In Korea, Business and Manufacturing Delegation Seeks Trade Opportunities

By October 11, 2010Trade

Doug Goudie, Director of International Trade Policy of the National Association of Manufacturers, is representing manufacturing in America and NAM’s member companies and associations on a U.S. business delegation to Korea this week. The delegation is in Seoul to meet with senior Korean government officials and private sector representatives to demonstrate the commitment of the U.S. business community for passage of the U.S.-Korea FTA. He’ll be posting updates to the Shopfloor blog.

Monday, 6:45 P.M. Seoul (5:45 A.M. in DC)

We’ve arrived in Seoul on a very smoggy day. Not much on tap for this afternoon/evening – recovering from the long flight seems to be first order of business. This week-long visit by a strong representative group of U.S. companies and trade associations will be meeting with very senior Korean government and private-sector officials to show our support for passage of the U.S.-Korea Free Trade Agreement.

Our message is simple and direct – this agreement will benefit both countries, in all sorts of ways. It will drive growth in U.S. exports, it will drive employment growth, it will benefit manufacturing in America. It is a very strong agreement, especially for manufacturing (it is our largest agreement since NAFTA in terms of two-way trade and projected export growth). Nearly 90 percent of all U.S. exports to Korea are manufactured goods. The U.S. International Trade Commission forecasts a growth of $10 billion annually in U.S. exports after the KORUS agreement takes effect.

President Obama has been clear since his statement at the G20 meeting in Canada in June — and the Coalition supports his position — that outstanding issues in automotive and beef provisions must be addressed before this agreement can be sent to Congress for approval. The NAM has been clear from signing of this agreement in June 2007 that there are automotive issues, particularly in the non-tariff area of standards and regulatory actions, which need to be addressed before the agreement can pass Congress. President Obama has set a deadline of the G20 meeting in Seoul on November 11-12 (which he will attend) for resolution of outstanding issues. We are here to ensure that the Korean negotiators are fully aware that the U.S. business community supports this position.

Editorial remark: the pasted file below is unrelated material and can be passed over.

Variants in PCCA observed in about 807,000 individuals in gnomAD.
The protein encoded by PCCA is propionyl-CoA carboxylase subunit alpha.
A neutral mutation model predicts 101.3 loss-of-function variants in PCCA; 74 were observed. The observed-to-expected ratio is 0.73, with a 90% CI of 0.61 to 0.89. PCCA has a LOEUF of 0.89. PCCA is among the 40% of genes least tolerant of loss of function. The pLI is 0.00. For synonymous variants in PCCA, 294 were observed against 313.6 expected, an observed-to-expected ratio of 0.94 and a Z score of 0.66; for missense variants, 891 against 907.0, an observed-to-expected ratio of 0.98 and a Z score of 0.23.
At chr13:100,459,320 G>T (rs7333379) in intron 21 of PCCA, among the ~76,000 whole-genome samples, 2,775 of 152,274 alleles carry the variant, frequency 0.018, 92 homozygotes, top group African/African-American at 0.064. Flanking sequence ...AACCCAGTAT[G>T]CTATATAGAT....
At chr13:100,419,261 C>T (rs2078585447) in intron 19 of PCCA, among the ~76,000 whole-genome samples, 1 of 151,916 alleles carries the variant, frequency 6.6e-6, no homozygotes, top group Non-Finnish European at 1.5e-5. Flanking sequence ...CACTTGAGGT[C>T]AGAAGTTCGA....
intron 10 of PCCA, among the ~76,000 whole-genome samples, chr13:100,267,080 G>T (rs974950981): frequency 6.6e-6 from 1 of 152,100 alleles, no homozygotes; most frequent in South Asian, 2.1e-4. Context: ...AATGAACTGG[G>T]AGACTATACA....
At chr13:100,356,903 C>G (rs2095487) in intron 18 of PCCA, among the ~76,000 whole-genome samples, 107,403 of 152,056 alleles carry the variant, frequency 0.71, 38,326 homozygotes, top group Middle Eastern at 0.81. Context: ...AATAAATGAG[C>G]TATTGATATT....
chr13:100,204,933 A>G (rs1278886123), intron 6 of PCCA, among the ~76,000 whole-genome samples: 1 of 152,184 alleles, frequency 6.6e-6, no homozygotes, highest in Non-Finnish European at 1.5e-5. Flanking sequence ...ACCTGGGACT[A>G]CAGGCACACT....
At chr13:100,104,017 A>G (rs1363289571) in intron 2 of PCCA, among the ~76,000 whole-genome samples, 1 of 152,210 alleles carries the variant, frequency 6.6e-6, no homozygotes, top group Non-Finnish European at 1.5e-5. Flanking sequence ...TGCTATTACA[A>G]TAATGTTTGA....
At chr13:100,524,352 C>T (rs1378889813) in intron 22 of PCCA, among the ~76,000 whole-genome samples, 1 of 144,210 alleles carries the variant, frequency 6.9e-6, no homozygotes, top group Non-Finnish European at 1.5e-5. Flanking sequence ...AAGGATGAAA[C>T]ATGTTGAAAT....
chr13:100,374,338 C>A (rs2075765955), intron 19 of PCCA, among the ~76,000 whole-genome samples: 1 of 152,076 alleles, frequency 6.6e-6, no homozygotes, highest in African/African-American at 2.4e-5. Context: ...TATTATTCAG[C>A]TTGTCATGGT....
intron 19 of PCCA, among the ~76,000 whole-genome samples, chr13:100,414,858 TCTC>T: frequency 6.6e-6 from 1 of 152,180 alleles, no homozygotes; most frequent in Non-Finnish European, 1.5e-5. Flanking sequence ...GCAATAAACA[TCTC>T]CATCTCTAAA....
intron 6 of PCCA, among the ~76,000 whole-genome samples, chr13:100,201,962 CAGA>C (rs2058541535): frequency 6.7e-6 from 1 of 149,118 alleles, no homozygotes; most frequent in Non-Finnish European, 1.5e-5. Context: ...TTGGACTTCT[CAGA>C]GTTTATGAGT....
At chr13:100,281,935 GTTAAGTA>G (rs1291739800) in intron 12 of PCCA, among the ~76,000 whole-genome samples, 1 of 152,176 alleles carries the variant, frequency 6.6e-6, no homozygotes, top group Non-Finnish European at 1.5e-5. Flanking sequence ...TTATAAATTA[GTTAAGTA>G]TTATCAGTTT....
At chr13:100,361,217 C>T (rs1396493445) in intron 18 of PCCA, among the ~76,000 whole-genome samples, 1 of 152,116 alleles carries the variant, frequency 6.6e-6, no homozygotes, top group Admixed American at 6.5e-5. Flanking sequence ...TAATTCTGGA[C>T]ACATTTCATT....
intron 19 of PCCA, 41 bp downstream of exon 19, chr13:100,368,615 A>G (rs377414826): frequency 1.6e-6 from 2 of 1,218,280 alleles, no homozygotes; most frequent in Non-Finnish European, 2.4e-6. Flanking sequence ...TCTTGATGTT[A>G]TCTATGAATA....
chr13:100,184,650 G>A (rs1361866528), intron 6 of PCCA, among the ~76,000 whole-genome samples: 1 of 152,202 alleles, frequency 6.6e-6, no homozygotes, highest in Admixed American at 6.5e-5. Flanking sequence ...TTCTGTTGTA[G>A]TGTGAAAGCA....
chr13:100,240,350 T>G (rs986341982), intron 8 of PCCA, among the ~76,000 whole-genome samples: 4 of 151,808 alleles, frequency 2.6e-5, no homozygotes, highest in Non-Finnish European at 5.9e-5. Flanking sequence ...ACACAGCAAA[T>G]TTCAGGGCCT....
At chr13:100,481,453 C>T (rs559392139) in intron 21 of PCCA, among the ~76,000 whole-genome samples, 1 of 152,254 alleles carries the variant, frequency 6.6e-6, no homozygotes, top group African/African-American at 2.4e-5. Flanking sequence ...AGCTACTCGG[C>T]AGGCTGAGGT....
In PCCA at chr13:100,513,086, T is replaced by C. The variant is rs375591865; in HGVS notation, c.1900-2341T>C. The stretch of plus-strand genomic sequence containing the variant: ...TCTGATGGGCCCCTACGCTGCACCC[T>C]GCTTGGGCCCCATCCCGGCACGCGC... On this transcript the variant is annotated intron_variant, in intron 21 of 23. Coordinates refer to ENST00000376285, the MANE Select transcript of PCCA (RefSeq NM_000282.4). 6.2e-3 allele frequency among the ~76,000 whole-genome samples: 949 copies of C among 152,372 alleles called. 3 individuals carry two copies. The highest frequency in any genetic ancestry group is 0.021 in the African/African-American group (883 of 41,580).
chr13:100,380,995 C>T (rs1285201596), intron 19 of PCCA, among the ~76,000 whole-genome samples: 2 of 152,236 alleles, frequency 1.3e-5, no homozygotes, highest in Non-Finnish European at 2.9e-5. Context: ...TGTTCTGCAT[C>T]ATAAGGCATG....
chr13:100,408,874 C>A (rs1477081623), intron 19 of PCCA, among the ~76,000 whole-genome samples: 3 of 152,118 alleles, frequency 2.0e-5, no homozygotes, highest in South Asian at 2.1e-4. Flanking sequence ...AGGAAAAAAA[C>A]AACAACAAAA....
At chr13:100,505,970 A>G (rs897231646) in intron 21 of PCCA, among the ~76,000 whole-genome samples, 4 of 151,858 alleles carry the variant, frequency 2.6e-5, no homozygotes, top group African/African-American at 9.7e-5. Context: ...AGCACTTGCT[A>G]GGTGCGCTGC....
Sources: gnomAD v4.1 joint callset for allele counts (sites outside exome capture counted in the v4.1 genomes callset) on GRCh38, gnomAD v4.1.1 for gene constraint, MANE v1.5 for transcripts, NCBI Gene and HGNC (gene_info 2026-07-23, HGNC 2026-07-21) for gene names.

However, first thing tomorrow, we begin bright and early with a breakfast with Kang Man-soo, Chairman of the Korean President’s Council on Competitiveness, some orientation meetings with some of the AmCham Korea company members, and a dinner with the Executive Board of the AmCham Korea. Wednesday we visit the DMZ during the day, among other activities and meetings.

I must say again, we have an excellent and diverse group represented in this U.S. business delegation, organized by the U.S.-Korea Business Coalition for Free Trade. The U.S. Chamber of Commerce serves as the secretariat of the coalition and is represented here, led by Tami Overby, who headed up the AmCham Korea before joining the Chamber. NAM is the Chair of the Manufacturing Committee for the Coalition.

As Bill Lane of Caterpillar has noted on earlier U.S. business delegation visits to Colombia and Panama: Manufacturers represent two-thirds of U.S. exports – and we’ve got the NAM here. Services represent two-thirds of U.S. jobs – and we’ve got the Coalition of Services Industries here. And Agriculture – well, the farmers represent two-thirds of the votes in Congress – and the Farm Bureau is here. All three pillars are represented, as are our member companies.

Tomorrow, I’ll look at why this agreement is so important to U.S. manufacturers and look at how we’re falling behind on trade – and what might happen if we don’t get back in the car and put our foot on the gas.

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